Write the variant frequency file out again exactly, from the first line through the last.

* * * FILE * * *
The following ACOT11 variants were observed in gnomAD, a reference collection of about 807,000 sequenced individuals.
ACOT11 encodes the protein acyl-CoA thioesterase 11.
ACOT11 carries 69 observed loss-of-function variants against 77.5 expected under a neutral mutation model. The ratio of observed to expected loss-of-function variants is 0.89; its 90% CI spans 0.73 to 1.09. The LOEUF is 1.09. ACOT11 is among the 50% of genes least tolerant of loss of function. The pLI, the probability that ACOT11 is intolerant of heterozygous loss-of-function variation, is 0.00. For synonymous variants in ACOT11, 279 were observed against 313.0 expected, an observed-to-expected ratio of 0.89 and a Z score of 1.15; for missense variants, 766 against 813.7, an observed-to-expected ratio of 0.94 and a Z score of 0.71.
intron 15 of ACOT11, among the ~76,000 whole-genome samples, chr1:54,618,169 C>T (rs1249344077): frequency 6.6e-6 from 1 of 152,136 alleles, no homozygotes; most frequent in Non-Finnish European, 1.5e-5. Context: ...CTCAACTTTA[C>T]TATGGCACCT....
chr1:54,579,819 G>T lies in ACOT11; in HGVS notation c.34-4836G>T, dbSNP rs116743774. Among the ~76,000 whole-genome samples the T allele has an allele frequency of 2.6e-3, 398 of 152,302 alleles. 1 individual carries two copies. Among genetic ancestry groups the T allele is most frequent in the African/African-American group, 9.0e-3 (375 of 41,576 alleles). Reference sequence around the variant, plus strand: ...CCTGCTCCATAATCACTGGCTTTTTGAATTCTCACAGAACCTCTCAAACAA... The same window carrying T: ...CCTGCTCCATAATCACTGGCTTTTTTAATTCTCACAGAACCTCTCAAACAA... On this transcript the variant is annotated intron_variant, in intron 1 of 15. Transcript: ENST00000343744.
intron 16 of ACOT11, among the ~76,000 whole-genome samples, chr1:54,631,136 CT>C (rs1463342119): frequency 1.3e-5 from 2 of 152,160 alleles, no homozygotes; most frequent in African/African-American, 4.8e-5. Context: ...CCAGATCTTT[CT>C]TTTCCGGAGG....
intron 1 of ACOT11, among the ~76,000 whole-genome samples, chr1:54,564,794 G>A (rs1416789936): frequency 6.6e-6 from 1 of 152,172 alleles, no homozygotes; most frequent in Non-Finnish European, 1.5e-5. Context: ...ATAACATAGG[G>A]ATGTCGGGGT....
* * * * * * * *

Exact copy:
The following ACOT11 variants were observed in gnomAD, a reference collection of about 807,000 sequenced individuals.
ACOT11 encodes the protein acyl-CoA thioesterase 11.
ACOT11 carries 69 observed loss-of-function variants against 77.5 expected under a neutral mutation model. The ratio of observed to expected loss-of-function variants is 0.89; its 90% CI spans 0.73 to 1.09. The LOEUF is 1.09. ACOT11 is among the 50% of genes least tolerant of loss of function. The pLI, the probability that ACOT11 is intolerant of heterozygous loss-of-function variation, is 0.00. For synonymous variants in ACOT11, 279 were observed against 313.0 expected, an observed-to-expected ratio of 0.89 and a Z score of 1.15; for missense variants, 766 against 813.7, an observed-to-expected ratio of 0.94 and a Z score of 0.71.
intron 15 of ACOT11, among the ~76,000 whole-genome samples, chr1:54,618,169 C>T (rs1249344077): frequency 6.6e-6 from 1 of 152,136 alleles, no homozygotes; most frequent in Non-Finnish European, 1.5e-5. Context: ...CTCAACTTTA[C>T]TATGGCACCT....
chr1:54,579,819 G>T lies in ACOT11; in HGVS notation c.34-4836G>T, dbSNP rs116743774. Among the ~76,000 whole-genome samples the T allele has an allele frequency of 2.6e-3, 398 of 152,302 alleles. 1 individual carries two copies. Among genetic ancestry groups the T allele is most frequent in the African/African-American group, 9.0e-3 (375 of 41,576 alleles). Reference sequence around the variant, plus strand: ...CCTGCTCCATAATCACTGGCTTTTTGAATTCTCACAGAACCTCTCAAACAA... The same window carrying T: ...CCTGCTCCATAATCACTGGCTTTTTTAATTCTCACAGAACCTCTCAAACAA... On this transcript the variant is annotated intron_variant, in intron 1 of 15. Transcript: ENST00000343744.
intron 16 of ACOT11, among the ~76,000 whole-genome samples, chr1:54,631,136 CT>C (rs1463342119): frequency 1.3e-5 from 2 of 152,160 alleles, no homozygotes; most frequent in African/African-American, 4.8e-5. Context: ...CCAGATCTTT[CT>C]TTTCCGGAGG....
intron 1 of ACOT11, among the ~76,000 whole-genome samples, chr1:54,564,794 G>A (rs1416789936): frequency 6.6e-6 from 1 of 152,172 alleles, no homozygotes; most frequent in Non-Finnish European, 1.5e-5. Context: ...ATAACATAGG[G>A]ATGTCGGGGT....